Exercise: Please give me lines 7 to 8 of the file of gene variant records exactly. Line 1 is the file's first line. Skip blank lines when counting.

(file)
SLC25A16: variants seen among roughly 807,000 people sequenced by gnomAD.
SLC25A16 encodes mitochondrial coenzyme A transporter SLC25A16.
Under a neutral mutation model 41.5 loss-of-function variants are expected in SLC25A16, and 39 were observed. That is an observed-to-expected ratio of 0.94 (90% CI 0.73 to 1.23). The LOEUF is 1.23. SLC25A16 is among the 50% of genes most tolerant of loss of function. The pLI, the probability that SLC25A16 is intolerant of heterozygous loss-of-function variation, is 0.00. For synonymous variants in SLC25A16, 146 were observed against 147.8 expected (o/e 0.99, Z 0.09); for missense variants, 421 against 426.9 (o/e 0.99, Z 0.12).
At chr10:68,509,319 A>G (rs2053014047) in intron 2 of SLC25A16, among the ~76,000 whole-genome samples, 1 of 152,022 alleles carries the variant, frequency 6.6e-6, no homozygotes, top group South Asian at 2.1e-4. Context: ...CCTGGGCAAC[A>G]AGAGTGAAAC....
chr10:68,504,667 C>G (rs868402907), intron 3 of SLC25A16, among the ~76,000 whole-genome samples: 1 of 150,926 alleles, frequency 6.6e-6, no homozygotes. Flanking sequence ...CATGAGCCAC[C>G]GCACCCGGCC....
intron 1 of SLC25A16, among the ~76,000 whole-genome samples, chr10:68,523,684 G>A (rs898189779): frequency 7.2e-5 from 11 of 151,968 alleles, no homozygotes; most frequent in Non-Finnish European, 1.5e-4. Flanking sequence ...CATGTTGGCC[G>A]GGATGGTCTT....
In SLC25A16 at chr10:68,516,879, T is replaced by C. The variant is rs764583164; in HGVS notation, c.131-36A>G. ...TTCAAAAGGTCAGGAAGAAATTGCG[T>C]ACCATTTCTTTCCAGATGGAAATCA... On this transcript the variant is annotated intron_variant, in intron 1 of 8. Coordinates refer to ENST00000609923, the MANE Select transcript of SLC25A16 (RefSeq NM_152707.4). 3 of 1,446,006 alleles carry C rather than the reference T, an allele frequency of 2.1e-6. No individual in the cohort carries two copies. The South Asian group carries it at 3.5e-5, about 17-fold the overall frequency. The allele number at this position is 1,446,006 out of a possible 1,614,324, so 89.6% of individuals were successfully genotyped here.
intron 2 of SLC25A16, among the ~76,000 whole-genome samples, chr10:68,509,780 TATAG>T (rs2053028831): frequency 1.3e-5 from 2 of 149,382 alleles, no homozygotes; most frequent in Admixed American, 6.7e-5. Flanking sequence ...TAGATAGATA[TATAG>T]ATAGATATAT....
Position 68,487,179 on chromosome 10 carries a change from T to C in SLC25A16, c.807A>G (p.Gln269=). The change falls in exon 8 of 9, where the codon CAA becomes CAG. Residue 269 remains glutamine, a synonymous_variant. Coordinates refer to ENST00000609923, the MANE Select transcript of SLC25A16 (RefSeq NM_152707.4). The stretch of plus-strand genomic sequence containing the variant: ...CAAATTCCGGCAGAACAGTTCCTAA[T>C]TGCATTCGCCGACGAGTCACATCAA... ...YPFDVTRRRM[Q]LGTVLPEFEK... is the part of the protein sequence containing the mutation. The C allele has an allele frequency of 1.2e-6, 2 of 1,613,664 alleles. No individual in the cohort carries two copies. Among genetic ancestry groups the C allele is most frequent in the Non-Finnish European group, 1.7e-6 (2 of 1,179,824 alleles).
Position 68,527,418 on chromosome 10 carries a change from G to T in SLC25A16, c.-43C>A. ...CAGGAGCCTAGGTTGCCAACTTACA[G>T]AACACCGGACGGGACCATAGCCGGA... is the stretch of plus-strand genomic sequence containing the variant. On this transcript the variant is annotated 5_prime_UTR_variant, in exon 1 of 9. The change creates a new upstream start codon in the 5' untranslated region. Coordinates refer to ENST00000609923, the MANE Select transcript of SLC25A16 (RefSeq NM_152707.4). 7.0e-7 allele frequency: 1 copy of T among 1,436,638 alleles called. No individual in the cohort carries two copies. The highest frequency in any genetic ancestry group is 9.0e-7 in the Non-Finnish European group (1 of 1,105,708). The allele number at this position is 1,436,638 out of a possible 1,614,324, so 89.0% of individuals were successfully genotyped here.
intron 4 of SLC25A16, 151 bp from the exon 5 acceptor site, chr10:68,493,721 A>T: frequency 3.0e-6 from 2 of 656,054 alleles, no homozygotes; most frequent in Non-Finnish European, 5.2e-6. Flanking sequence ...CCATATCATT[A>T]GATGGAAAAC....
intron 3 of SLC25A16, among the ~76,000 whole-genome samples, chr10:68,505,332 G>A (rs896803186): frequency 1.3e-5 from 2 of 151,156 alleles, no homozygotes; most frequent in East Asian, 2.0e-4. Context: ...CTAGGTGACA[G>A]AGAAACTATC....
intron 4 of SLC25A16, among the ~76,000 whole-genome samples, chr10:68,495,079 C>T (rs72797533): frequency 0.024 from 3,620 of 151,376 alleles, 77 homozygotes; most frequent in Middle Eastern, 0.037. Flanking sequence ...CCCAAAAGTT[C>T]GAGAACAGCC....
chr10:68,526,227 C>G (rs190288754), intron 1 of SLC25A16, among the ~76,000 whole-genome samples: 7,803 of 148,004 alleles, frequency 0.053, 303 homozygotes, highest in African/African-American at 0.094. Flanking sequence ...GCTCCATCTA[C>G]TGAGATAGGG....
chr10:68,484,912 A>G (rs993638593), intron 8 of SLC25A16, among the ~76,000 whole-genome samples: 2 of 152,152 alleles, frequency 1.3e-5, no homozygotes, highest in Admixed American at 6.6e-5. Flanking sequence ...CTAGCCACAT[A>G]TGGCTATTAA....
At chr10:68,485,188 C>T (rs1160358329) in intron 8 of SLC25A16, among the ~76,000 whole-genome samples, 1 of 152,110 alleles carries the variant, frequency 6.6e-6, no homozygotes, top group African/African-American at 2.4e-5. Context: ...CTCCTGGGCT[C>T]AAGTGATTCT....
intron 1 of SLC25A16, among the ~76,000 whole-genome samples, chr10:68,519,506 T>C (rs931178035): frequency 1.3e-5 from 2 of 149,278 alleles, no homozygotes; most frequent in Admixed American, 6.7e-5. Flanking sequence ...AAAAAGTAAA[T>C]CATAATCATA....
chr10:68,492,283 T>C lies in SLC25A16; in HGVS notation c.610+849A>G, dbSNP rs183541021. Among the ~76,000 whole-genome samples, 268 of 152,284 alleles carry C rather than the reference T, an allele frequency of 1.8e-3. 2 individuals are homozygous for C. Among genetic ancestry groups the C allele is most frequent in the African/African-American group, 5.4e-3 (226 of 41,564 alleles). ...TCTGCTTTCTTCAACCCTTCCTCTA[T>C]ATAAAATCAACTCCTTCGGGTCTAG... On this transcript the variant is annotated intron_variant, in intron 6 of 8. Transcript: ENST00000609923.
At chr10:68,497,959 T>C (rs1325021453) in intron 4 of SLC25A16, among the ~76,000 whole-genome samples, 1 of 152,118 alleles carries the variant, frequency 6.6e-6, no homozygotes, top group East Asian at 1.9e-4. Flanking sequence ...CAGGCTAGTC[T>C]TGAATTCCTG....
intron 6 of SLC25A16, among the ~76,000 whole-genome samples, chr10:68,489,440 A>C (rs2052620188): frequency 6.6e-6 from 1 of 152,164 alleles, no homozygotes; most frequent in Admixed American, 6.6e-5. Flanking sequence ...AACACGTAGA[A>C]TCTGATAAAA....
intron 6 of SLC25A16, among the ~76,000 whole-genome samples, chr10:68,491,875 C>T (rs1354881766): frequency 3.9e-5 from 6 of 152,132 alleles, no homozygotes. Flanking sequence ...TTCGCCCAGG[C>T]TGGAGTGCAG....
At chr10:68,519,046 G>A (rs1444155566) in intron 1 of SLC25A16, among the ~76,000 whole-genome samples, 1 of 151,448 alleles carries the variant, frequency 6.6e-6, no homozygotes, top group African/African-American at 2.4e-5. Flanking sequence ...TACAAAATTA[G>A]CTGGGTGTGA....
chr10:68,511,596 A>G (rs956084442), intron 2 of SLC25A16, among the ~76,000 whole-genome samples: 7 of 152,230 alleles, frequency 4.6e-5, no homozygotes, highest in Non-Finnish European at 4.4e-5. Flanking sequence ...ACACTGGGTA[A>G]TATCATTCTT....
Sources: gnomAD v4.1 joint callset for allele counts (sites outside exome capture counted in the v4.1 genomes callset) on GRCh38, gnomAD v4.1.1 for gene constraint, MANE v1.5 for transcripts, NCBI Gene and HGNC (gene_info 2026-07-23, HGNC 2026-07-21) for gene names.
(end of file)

In SLC25A16 at chr10:68,516,879, T is replaced by C. The variant is rs764583164; in HGVS notation, c.131-36A>G. ...TTCAAAAGGTCAGGAAGAAATTGCG[T>C]ACCATTTCTTTCCAGATGGAAATCA... On this transcript the variant is annotated intron_variant, in intron 1 of 8. Coordinates refer to ENST00000609923, the MANE Select transcript of SLC25A16 (RefSeq NM_152707.4). 3 of 1,446,006 alleles carry C rather than the reference T, an allele frequency of 2.1e-6. No individual in the cohort carries two copies. The South Asian group carries it at 3.5e-5, about 17-fold the overall frequency. The allele number at this position is 1,446,006 out of a possible 1,614,324, so 89.6% of individuals were successfully genotyped here.
intron 2 of SLC25A16, among the ~76,000 whole-genome samples, chr10:68,509,780 TATAG>T (rs2053028831): frequency 1.3e-5 from 2 of 149,382 alleles, no homozygotes; most frequent in Admixed American, 6.7e-5. Flanking sequence ...TAGATAGATA[TATAG>T]ATAGATATAT....